Maximum uptime is a philosophy. It begins with the planning of your facility and remains a continuous process through every step of design, construction, commissioning, operations, failure analysis and recommissioning.
Data center operators can take a page from other industries that operate under mission critical conditions, such as airlines. Whenever there’s some sort of air traffic incident, the National Transportation Safety Board (NTSB) investigates and eventually issues a “lessons learned” document. The idea is to try to prevent a repeat of the incident in the future. Ensuring maximum uptime in mission critical data centers requires companies to take a similar approach.
The NTSB says accidents occur due to one or more types of failures: design failures, catastrophic failures, compounding failures and human-error failures. Downtime at mission-critical facilities can be attributed to these four types of failures, as well, and each requires a different approach on prevention and “lessons learned” programs.
1. Design failures
Design failures can be eliminated through proper planning and by engaging with competent vendors. Begin with the end in mind and come up with a design intent document that clearly spells out your requirements – in detail. Whether it’s new construction, upgrading or operating an existing mission-critical facility, it is important to carefully plan the work and to work the plan. It’s also crucial to have a good design firm, integration firm, construction companies and commissioning team along with a well-trained operations staff to reduce failures.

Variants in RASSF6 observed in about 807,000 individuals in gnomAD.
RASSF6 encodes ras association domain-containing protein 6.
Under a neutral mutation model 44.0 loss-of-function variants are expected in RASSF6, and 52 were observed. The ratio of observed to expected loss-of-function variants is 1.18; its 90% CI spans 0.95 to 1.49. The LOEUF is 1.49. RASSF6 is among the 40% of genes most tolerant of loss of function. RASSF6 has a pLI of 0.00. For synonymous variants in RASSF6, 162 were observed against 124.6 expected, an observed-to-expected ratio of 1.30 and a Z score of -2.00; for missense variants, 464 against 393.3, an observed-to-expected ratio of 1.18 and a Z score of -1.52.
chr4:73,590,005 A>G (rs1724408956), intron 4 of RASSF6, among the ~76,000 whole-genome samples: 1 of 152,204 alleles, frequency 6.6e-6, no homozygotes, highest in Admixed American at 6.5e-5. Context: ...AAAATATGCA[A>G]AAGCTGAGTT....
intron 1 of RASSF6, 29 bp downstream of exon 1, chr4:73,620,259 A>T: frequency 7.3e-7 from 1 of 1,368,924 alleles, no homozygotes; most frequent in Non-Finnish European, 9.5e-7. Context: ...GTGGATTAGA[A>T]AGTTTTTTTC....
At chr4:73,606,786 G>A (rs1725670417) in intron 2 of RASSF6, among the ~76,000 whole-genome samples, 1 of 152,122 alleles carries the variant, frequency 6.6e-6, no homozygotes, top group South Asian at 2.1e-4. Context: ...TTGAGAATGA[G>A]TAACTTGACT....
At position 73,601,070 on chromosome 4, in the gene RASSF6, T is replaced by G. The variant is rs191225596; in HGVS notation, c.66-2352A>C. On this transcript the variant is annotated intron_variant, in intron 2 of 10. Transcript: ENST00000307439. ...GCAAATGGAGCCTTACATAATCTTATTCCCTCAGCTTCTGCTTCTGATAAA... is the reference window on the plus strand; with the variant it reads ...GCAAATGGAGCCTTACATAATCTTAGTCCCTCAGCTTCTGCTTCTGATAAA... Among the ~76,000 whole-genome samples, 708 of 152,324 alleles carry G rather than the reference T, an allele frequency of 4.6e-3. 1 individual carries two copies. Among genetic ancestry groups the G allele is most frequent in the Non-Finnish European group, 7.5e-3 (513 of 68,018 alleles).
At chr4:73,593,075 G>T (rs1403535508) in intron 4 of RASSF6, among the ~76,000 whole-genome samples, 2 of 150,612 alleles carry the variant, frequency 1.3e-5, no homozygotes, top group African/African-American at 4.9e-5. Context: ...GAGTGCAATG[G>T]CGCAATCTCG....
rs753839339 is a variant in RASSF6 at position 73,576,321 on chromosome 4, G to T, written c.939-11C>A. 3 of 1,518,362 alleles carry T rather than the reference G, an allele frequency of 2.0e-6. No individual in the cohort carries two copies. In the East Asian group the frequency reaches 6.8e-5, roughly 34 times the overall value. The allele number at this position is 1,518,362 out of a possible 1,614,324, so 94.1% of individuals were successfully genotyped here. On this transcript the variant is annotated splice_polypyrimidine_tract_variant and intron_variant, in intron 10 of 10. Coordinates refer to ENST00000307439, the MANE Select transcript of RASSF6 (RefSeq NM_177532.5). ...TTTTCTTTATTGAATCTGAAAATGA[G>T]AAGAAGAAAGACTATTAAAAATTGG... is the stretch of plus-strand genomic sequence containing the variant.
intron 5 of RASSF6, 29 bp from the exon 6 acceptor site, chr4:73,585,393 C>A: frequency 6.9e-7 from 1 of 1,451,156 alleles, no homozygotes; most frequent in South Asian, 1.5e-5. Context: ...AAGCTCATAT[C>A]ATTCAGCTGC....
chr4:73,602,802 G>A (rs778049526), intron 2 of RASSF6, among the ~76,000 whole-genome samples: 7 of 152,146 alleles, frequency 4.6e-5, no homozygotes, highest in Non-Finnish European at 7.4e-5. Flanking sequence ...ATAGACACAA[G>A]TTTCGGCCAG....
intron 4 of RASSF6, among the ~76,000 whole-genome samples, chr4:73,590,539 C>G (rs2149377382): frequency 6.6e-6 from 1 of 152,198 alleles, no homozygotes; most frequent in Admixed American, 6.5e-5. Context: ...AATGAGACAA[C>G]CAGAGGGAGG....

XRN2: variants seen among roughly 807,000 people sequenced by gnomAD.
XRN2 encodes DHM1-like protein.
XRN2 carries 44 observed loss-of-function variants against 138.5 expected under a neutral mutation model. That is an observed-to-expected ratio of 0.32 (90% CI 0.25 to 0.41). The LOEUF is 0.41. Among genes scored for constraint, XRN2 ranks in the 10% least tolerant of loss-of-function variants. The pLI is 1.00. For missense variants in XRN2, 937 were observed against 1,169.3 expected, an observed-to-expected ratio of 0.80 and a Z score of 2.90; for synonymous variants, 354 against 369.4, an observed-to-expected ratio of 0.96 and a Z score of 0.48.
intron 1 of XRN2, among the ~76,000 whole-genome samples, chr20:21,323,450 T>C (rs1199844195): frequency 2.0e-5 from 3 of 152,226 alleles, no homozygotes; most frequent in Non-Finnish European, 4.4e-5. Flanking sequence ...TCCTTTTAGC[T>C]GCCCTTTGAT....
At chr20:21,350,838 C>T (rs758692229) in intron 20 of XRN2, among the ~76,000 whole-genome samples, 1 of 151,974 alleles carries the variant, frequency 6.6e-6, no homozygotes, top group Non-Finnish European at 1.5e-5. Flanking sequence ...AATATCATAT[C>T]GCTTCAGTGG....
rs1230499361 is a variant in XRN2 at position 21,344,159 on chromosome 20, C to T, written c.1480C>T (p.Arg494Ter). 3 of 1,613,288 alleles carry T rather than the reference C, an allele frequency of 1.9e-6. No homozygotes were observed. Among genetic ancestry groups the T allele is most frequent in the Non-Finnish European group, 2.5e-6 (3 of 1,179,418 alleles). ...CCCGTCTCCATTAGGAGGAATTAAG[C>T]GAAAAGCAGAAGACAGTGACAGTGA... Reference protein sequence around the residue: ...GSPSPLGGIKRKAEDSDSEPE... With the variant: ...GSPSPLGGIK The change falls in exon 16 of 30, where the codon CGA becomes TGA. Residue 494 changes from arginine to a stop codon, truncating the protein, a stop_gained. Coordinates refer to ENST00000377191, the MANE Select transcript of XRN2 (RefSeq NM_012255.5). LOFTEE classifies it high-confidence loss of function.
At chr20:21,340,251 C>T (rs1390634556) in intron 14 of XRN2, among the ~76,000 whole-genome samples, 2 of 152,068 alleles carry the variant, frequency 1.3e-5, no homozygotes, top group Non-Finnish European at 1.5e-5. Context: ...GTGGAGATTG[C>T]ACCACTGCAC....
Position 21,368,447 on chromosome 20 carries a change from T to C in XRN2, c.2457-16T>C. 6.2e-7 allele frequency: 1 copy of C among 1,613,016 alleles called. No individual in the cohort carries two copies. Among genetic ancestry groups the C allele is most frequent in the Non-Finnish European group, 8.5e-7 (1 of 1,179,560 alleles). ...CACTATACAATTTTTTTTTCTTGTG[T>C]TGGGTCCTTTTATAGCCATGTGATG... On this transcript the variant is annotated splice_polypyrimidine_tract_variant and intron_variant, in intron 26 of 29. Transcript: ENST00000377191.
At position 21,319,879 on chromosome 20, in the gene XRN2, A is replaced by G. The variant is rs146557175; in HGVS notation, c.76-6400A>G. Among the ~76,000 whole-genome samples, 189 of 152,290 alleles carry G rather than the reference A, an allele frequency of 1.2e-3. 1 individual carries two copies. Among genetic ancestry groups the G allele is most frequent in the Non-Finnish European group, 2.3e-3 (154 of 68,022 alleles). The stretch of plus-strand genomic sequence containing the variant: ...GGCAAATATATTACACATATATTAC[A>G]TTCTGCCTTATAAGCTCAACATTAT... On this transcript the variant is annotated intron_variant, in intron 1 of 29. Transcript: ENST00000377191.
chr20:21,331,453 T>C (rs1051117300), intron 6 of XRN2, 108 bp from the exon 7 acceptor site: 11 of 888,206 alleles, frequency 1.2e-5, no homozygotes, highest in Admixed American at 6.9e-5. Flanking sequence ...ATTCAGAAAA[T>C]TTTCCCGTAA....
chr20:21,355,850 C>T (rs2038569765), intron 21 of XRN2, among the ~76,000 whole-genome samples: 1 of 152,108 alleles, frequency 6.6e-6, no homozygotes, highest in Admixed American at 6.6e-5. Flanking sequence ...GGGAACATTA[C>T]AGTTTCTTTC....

2. Catastrophic failures
A comprehensive maintenance and operations programs can identify and eliminate as many potential problems, helping you avoid catastrophic failures. Your program should include well-defined maintenance windows, with appropriate redundancy built in so services are not interrupted while maintenance is performed. Predictive maintenance is another important consideration, which entails conducting a thorough failure analysis after each incident and using the results to predict and prevent future problems – just as the NTSB does with its “lessons learned” approach. It’s also important to have a comprehensive training program for the operations and maintenance staff, starting with training from equipment manufacturers or installers but continuing with regular training to keep operational and maintenance staff current.
3. Compounding failures
At times multiple events occur to create a failure, a situation known as a compounding failure. Lack of attention to details is a leading cause of compounding failures. Consider what happens should your data center suffer a power outage. Your generator should receive a start signal and fire up immediately. But if you’ve neglected to check the generator battery, fuel and coolant levels for months on end, it may let you down. Similarly, little nuisance items in a large facility are sometimes left unnoticed and by themselves cause no ill effect to the facility, but along with other problems, can combine to create a system failure.
4. Human-error failures
Human error is a leading cause of failures in mission-critical facilities. As noted above, training can help reduce the incidence of human failure but another requirement is detailed methods of procedure (MOPs). MOPs define in detail how to perform various maintenance functions, ensuring they are consistently performed in the same way. Too often, in the rush to bring the facility online, organizations fail to develop, document and deploy MOPs. These procedures should be developed early and tested before the facility is fully operational. Waiting to develop a procedure to transfer the UPS system to maintenance bypass could prove much more costly than investing the time upfront to prepare for the inevitable. MOPs should also be executed with a pilot/co-pilot approach, to ensure the procedure is followed to a T.
To learn more best practices, check out Schneider Electric white paper number 7, Maximizing Uptime in Mission-Critical Facilities.